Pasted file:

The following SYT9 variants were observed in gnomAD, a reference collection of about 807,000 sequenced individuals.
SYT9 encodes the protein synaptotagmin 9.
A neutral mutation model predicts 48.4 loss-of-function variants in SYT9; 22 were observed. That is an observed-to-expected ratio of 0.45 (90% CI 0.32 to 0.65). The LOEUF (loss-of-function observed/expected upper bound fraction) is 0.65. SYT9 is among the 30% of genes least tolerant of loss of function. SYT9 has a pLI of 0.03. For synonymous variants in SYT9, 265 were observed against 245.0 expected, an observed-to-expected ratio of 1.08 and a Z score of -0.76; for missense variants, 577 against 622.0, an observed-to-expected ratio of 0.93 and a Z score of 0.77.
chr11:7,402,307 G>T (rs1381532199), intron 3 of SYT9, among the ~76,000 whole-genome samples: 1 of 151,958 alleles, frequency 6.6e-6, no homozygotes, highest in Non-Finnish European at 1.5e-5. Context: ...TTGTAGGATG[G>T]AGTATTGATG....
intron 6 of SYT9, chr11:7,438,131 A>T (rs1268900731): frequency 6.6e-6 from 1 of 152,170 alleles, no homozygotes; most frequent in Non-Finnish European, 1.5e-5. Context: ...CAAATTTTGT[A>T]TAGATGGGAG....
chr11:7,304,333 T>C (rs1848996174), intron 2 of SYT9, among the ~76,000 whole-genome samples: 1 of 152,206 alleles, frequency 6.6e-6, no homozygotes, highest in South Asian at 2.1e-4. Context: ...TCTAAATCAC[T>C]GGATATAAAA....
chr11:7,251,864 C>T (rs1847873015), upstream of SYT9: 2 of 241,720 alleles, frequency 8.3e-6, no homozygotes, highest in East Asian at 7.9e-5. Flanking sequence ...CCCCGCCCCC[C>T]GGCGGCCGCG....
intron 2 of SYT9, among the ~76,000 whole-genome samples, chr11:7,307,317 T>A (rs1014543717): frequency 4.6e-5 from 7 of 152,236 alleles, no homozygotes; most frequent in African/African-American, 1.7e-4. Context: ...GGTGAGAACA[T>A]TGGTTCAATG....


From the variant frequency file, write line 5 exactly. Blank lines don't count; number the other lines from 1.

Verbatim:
intron 6 of SYT9, chr11:7,438,131 A>T (rs1268900731): frequency 6.6e-6 from 1 of 152,170 alleles, no homozygotes; most frequent in Non-Finnish European, 1.5e-5. Context: ...CAAATTTTGT[A>T]TAGATGGGAG....